What Is a Dermoid Cyst?
- Published on July 21, 2022
A dermoid cyst is a benign cutaneous growth filled with tissues normally found in bone, hair, oil glands, skin, or nerves. They may also contain a greasy, yellowish material. These cysts are enclosed in a sac of cells and often grow in or under the skin.
Dermoid cysts can grow anywhere in your body, but they are more likely to form in the neck, face, head, or lower back. They can also be found in the testicles or ovaries. They are generally non-cancerous and tend to grow slowly.
Types of dermoid cysts
There are numerous dermoid cyst types, some of which are more common than others. More than 80% of these cysts occur on the head and neck, but they may also occur elsewhere.
Types of dermoid cysts:
Periorbital dermoid cysts
This type of cyst generally forms near the outside edge of your left or right eyebrows. Often present at birth, these cysts may or may not be obvious for several months or even years after birth. They hardly show any symptoms and pose little to no health risks.
Ovarian dermoid cysts
As the name suggests, ovarian dermoid cysts form in or around your ovaries. These cysts are typically unrelated to a woman’s menstrual cycle, unlike other kinds of ovarian cysts. An ovarian dermoid cyst is congenital and is already present at birth. However, it may not be detected until years later as it is mostly asymptomatic and has no major health risks.
Spinal dermoid cysts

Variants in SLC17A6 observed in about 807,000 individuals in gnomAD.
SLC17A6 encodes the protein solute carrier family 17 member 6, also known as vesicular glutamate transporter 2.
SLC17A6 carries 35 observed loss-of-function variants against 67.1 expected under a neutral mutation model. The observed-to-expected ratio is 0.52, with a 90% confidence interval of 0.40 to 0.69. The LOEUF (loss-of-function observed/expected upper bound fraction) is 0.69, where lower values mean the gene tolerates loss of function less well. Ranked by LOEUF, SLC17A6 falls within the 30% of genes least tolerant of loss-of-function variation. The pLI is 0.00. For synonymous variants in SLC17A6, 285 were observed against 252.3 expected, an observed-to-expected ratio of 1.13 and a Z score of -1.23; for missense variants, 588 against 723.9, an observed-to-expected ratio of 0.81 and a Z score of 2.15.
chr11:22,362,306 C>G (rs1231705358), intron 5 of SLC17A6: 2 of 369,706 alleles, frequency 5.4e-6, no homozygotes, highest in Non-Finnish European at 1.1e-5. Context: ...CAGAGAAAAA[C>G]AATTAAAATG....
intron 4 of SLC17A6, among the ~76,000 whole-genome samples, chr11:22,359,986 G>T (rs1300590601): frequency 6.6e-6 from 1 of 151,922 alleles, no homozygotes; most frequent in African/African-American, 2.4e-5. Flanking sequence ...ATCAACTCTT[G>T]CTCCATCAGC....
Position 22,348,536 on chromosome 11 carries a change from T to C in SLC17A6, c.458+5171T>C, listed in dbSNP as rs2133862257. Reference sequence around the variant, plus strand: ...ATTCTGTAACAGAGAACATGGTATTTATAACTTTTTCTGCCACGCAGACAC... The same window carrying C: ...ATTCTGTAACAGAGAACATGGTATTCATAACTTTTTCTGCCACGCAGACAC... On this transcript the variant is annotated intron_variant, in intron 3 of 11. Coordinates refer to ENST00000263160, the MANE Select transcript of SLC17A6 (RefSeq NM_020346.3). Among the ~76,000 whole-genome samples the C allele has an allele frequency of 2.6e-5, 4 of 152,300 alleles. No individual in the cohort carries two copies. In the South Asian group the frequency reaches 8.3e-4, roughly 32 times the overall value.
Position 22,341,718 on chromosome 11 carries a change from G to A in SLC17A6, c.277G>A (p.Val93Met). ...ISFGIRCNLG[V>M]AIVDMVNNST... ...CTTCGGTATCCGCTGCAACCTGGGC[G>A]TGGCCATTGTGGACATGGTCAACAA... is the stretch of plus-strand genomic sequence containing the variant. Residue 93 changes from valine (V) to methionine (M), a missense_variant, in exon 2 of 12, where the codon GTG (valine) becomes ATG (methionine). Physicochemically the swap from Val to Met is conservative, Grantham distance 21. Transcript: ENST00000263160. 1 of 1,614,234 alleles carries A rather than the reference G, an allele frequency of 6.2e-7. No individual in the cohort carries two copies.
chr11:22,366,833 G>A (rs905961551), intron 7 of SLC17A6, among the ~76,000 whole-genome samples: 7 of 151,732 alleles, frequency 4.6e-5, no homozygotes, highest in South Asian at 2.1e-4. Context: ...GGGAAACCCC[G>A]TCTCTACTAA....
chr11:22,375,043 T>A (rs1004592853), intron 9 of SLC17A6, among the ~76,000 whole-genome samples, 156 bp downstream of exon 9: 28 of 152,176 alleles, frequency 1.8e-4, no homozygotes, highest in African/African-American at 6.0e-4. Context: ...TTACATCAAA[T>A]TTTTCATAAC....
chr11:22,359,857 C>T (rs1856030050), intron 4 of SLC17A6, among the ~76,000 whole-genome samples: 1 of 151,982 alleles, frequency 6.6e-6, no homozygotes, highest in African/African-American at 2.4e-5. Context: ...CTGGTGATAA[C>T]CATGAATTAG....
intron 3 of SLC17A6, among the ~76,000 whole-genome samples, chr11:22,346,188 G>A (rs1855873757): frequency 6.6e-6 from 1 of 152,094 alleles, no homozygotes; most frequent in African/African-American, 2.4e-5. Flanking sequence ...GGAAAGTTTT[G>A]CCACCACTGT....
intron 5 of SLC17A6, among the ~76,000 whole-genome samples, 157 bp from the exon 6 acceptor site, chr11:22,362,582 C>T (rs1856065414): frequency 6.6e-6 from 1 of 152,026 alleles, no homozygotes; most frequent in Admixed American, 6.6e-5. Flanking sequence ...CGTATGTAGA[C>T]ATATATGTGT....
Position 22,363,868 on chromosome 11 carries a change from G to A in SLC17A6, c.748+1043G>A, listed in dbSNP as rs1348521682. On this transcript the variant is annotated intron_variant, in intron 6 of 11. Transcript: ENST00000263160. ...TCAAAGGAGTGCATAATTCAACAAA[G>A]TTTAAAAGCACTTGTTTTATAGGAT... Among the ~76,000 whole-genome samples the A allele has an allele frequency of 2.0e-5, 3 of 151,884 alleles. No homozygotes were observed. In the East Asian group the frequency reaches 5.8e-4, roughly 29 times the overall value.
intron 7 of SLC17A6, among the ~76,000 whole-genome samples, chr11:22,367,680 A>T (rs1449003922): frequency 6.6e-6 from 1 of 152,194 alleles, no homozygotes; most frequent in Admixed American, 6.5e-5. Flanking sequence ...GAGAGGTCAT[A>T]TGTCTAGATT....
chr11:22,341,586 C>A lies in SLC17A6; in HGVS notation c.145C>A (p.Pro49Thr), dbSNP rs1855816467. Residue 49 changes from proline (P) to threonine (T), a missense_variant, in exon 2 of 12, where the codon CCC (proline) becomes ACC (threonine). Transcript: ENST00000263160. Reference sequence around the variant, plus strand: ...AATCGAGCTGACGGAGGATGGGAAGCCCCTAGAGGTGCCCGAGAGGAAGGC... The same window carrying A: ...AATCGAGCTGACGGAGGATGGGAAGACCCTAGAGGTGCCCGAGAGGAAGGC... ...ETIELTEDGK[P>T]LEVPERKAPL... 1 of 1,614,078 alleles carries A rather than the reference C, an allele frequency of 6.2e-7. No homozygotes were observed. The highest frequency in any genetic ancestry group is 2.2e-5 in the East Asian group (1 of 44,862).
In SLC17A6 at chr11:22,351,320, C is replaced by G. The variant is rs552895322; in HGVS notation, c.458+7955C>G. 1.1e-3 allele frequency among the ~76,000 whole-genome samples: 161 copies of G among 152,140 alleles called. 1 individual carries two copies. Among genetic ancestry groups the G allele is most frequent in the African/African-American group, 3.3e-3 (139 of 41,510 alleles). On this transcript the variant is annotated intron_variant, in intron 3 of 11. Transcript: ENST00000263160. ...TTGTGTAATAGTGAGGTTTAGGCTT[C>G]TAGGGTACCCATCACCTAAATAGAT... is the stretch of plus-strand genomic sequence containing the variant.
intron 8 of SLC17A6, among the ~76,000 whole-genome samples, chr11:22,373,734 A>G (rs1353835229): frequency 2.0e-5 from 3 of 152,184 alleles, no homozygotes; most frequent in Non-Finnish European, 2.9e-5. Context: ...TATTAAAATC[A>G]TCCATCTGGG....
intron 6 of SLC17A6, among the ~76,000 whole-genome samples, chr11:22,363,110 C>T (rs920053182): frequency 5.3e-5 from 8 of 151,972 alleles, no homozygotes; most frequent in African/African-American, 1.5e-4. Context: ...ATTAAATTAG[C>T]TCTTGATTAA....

Spinal dermoid cysts are slow-growing, benign growths in the spine. These cysts do not spread and are non-cancerous. However, they may cause issues by compressing important structures like spinal nerves or the spinal cord. The risk of rupture cannot be completely ruled out.
Epibulbar dermoid cysts
These dermoid cysts are benign in nature and tend to be firm. They may be pinkish or yellowish in colour. Their sizes can range from a few millimetres to more than a centimetre.
Intracranial dermoid cysts
Intracranial dermoid cysts are lesions that are slow-growing, congenital cysts in the brain. They are usually benign and occur rarely. However they can cause problems on rupturing.
Nasal sinus dermoid cysts
These dermoid cysts are among the rare ones to occur. These lesions form in the nasal sinuses and can take the form of cyst, sinus or fistula in the nasal cavity, which could lead to further complications.
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Cause of dermoid cysts
Dermoid cysts are congenital and already present at birth. They form when skin structures don’t grow properly as they should and become trapped during the fetal development stage in the uterus.
Skin cells, tissues, and glands sometimes accumulate in a sac in a fetus, leading to the formation of dermoid cysts. These lesions may contain many skin structures, including sweat glands, hair follicles, teeth, nerves, etc.
Symptoms of dermoid cysts
Dermoid cyst symptoms vary according to the type of cysts. In some cases, people may not exhibit any symptoms in the initial stages. However, they may start experiencing a few symptoms later on if their cysts continue to grow with time.
Based on its type, dermoid cyst symptoms are as follows:
Periorbital dermoid cyst
Symptoms include a painless lump near the edge of your eyebrow that may be swollen. It may be yellowish in colour. Left untreated, it can impact the shape of bones in the affected area.
Ovarian dermoid cyst
If you have ovarian dermoid cysts, you may experience pain in your pelvic region around your monthly period. These cysts however don’t affect your menstrual cycle or flow.
Spinal dermoid cyst
Spinal dermoid cystsmay lead to trouble in walking and moving. Patients may also experience weakness in their arms and legs.
Some people with spinal dermoid cysts may even experience urinary incontinence.